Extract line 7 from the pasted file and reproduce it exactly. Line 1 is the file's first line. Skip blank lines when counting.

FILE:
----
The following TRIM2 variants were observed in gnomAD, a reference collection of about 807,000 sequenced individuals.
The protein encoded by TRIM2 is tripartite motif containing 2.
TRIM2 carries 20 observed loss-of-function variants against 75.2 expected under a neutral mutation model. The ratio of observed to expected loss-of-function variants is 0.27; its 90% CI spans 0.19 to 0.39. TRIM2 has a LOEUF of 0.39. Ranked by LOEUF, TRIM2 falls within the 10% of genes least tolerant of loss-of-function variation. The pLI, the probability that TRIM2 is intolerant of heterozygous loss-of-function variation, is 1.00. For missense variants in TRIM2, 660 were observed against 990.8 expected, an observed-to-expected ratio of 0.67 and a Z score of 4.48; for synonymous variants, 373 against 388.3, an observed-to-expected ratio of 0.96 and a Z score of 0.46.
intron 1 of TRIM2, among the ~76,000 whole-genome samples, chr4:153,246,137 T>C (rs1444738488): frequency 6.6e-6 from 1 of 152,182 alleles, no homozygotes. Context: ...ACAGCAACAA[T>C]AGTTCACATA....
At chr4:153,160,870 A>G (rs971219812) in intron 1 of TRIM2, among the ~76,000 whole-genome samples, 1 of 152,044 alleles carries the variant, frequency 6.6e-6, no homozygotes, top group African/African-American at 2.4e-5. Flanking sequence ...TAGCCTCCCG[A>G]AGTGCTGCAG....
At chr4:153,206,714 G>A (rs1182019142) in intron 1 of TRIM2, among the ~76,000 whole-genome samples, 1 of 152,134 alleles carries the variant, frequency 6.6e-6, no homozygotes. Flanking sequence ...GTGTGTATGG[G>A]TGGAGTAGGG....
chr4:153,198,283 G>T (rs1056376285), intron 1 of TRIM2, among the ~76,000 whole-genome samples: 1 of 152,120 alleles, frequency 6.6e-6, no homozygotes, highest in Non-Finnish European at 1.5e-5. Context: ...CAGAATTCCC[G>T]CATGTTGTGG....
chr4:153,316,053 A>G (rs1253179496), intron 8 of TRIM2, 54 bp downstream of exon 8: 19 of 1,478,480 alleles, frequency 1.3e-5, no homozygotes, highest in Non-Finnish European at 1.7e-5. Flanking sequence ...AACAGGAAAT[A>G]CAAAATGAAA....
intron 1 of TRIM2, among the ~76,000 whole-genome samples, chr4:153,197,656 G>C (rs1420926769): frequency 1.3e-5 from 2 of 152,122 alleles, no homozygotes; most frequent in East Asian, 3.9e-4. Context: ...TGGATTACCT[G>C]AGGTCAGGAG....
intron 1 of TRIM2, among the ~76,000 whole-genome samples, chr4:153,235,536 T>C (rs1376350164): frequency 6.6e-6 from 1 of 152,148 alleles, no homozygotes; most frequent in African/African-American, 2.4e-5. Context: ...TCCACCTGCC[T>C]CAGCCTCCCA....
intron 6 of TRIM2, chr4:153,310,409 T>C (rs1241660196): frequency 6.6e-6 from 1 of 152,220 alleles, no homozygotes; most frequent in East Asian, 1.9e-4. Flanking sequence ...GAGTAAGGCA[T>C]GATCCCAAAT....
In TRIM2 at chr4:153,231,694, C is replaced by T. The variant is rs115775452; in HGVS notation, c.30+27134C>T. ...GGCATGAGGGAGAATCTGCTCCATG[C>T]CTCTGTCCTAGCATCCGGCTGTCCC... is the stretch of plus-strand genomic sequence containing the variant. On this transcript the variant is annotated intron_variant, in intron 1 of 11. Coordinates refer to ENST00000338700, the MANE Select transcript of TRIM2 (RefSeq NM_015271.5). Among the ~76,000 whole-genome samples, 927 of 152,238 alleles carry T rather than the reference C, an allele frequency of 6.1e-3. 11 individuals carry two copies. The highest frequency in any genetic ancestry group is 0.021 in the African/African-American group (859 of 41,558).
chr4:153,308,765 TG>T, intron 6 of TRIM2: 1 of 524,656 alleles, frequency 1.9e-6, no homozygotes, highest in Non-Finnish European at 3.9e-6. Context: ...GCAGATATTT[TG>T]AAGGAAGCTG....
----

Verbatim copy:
chr4:153,198,283 G>T (rs1056376285), intron 1 of TRIM2, among the ~76,000 whole-genome samples: 1 of 152,120 alleles, frequency 6.6e-6, no homozygotes, highest in Non-Finnish European at 1.5e-5. Context: ...CAGAATTCCC[G>T]CATGTTGTGG....